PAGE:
As this crisis develops, banks are not merely bystanders. They have a major role in ensuring that the economy has enough liquidity it needs to survive the economic downturn and to facilitate a sustained recovery afterwards.
Assessing the current situation, the Bangko Sentral ng Pilipinas (BSP) decided to cut the interest rate on the overnight reverse repurchase (RRP) facility by 50 basis points to 2.75%, effective 17 April 2020. This is the third rate cut on RRP this year to hopefully stimulate the slowing economic engine in the business unusual scenario.
The BSP has responded quickly to the looming crisis, especially in enabling cheap new credit. However, banks are still left with significant exposures in vulnerable sectors. Figure 1 shows that banks have significant loans outstanding to retail & wholesale (PHP1.3 trillion or 15% of total outstanding loans) and manufacturing (PHP1.0 trillion or 12% of total outstanding loans) sectors as of December 2019. These sectors are also the ones that are highly affected by the pandemic. The Philippine Institute for Development Studies (PIDS) projected that in the moderate-case scenario, the sectoral Gross Value Added (GVA) of retail & wholesale and manufacturing sectors would decline by PHP497.7bn or 15% and PHP421.8bn or 12%, respectively.
On top of this exposure, banks are also faced with the human aspect of mitigating the crisis ‒ keeping their relationships warm with their stakeholders, especially their clients whose businesses’ and families’ futures may be at stake.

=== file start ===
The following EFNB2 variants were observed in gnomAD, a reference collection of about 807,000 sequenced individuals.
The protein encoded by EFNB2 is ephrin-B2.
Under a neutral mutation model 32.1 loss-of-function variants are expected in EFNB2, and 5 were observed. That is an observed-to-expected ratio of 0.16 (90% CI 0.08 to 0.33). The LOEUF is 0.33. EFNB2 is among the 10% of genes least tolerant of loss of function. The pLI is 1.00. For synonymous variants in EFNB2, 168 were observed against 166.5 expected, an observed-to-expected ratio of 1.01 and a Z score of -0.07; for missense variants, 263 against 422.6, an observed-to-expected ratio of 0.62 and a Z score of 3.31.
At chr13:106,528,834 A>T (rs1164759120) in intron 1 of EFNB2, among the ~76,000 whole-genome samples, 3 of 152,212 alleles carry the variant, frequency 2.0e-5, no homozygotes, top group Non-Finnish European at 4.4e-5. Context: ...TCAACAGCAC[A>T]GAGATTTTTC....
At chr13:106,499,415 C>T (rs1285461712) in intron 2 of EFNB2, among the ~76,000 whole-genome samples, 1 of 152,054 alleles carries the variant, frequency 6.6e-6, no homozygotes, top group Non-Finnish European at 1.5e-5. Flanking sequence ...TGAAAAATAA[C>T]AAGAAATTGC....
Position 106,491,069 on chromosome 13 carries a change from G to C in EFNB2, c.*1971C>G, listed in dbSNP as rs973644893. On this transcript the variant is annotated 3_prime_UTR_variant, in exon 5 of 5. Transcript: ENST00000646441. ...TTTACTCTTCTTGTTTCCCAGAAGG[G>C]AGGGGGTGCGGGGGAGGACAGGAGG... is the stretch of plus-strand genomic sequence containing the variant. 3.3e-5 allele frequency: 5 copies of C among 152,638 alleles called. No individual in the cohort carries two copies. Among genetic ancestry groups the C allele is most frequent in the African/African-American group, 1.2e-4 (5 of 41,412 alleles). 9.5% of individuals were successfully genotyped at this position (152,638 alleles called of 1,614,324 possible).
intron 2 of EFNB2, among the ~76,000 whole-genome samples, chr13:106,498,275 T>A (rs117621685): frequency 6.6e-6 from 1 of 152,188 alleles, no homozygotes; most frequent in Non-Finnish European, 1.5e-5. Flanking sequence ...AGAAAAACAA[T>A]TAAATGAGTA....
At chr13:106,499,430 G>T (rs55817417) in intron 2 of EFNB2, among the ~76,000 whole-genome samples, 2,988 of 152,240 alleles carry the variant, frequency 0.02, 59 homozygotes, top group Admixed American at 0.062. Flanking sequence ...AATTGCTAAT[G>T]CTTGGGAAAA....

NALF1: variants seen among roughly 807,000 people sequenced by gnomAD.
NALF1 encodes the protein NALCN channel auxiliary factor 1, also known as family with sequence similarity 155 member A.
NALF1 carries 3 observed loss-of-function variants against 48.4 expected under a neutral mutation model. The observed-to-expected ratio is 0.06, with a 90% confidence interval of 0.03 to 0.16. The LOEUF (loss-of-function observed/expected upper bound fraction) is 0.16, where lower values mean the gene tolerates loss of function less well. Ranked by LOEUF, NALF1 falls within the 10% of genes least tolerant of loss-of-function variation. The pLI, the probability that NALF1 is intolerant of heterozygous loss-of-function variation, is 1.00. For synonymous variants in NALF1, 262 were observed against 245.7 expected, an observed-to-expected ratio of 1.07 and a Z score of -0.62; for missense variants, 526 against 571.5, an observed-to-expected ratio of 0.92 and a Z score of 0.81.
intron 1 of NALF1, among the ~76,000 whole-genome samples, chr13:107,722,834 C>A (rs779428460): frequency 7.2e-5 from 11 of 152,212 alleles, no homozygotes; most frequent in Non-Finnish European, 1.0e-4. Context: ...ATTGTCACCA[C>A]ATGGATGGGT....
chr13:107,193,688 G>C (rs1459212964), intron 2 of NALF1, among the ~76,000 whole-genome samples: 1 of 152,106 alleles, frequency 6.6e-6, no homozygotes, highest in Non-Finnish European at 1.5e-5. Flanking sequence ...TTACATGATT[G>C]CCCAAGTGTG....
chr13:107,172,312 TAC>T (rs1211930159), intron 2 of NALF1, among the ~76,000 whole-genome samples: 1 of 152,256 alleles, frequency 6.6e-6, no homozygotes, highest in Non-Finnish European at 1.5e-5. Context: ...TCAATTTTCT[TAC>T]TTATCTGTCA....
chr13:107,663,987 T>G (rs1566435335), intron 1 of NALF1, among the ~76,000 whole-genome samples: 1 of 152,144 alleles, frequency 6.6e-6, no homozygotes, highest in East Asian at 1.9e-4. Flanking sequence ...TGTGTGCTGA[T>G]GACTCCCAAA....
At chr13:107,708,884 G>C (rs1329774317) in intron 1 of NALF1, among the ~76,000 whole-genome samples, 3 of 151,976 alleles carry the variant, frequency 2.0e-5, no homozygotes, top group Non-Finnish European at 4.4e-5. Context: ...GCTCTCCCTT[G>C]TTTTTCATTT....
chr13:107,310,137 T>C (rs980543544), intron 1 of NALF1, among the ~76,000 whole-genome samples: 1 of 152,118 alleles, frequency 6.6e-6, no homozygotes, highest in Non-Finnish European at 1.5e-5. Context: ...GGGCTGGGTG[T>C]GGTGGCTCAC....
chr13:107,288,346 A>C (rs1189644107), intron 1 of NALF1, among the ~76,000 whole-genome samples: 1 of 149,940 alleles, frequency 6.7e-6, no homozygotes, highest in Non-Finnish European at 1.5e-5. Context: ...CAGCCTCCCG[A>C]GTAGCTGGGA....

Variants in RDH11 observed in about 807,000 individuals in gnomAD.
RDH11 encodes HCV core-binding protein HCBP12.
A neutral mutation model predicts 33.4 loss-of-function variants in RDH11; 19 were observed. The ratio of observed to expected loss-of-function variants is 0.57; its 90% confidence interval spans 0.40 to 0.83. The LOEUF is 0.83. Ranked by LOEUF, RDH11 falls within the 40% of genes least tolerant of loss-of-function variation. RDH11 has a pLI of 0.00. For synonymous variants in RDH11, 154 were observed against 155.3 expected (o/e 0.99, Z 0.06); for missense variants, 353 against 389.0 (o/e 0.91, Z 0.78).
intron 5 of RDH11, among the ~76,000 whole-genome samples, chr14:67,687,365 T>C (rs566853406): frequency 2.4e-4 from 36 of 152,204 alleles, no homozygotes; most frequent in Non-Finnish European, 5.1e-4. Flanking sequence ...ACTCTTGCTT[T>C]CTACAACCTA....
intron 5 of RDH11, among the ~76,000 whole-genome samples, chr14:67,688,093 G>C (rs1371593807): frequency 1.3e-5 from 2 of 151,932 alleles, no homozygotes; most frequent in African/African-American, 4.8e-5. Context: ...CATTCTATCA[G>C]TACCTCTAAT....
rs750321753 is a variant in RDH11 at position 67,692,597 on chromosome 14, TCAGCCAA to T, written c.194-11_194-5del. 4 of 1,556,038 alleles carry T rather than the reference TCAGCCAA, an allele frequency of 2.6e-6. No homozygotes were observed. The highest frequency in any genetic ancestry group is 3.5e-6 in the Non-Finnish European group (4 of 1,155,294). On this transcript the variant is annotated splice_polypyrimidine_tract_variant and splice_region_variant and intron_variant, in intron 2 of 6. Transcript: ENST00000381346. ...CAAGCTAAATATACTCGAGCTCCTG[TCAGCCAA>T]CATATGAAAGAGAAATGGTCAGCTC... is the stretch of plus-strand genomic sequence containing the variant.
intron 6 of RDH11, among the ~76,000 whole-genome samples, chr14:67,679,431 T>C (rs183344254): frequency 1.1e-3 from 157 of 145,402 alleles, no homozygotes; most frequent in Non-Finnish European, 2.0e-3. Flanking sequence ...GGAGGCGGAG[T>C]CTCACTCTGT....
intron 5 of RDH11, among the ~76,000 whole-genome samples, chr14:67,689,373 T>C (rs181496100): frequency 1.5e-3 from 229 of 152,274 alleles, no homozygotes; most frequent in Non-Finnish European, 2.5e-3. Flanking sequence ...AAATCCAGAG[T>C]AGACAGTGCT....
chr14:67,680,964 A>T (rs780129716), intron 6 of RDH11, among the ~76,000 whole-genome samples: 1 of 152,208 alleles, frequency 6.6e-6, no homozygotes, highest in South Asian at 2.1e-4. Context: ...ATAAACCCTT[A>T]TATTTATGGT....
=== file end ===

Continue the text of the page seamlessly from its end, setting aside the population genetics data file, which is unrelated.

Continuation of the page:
In these aspects, the banks’ key focus areas in time of COVID-19 may be simplified into two: (1) enhancing credit risk management effectively through data analytics and (2) fostering an emphatic and inclusive customer service.
The cash flow of businesses and consumers may be affected by decreased consumer demands due to community quarantines, employee layoffs, and disrupted business operations. Without effective action by the regulators and the banks, the non-performing loans may rapidly rise as borrowers struggle to pay their principal and interests.
This struggle is not just expected to happen in the future. It is happening now. According to the BSP, the gross non-performing loans (NPL) of banks increased by almost 20% to PHP246.0bn at end-March from PHP205.9bn a year ago. The NPL ratio climbed to 2.21%, which is the highest recorded ratio for the comparable month in the past three years.
Given BSP’s immediate action in ensuring liquidity in the economy through decreased lending rates and reserve requirement, the pressure is on for banks to operationalize such measures. While the intention of the government is to provide support, banks would need to immediately scale their operations to manage worsening credit positions of existing borrowers and accommodate possible increase in new credit due to lowered interest rates.
In managing risks for both existing and new credit, banks need to be data driven. These are two, among the many ways, in which banks can manage credit risk in a data-driven manner amid the crisis: